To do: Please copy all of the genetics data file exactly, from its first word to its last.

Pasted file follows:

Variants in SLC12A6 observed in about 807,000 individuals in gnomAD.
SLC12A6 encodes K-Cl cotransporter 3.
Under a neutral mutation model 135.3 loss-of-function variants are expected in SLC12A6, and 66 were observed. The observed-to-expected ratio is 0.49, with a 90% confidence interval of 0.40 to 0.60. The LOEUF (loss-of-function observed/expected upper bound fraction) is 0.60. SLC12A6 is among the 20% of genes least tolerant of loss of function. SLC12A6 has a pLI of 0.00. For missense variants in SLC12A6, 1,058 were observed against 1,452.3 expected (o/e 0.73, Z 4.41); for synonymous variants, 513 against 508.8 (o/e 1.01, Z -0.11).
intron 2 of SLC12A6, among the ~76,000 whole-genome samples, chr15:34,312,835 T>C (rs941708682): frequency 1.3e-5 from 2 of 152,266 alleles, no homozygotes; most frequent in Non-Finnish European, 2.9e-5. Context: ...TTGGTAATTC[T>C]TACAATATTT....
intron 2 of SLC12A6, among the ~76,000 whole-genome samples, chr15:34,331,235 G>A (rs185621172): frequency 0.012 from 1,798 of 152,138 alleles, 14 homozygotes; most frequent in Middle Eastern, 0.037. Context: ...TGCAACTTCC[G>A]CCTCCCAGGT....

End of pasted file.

Variants in SLC12A6 observed in about 807,000 individuals in gnomAD.
SLC12A6 encodes K-Cl cotransporter 3.
Under a neutral mutation model 135.3 loss-of-function variants are expected in SLC12A6, and 66 were observed. The observed-to-expected ratio is 0.49, with a 90% confidence interval of 0.40 to 0.60. The LOEUF (loss-of-function observed/expected upper bound fraction) is 0.60. SLC12A6 is among the 20% of genes least tolerant of loss of function. SLC12A6 has a pLI of 0.00. For missense variants in SLC12A6, 1,058 were observed against 1,452.3 expected (o/e 0.73, Z 4.41); for synonymous variants, 513 against 508.8 (o/e 1.01, Z -0.11).
intron 2 of SLC12A6, among the ~76,000 whole-genome samples, chr15:34,312,835 T>C (rs941708682): frequency 1.3e-5 from 2 of 152,266 alleles, no homozygotes; most frequent in Non-Finnish European, 2.9e-5. Context: ...TTGGTAATTC[T>C]TACAATATTT....
intron 2 of SLC12A6, among the ~76,000 whole-genome samples, chr15:34,331,235 G>A (rs185621172): frequency 0.012 from 1,798 of 152,138 alleles, 14 homozygotes; most frequent in Middle Eastern, 0.037. Context: ...TGCAACTTCC[G>A]CCTCCCAGGT....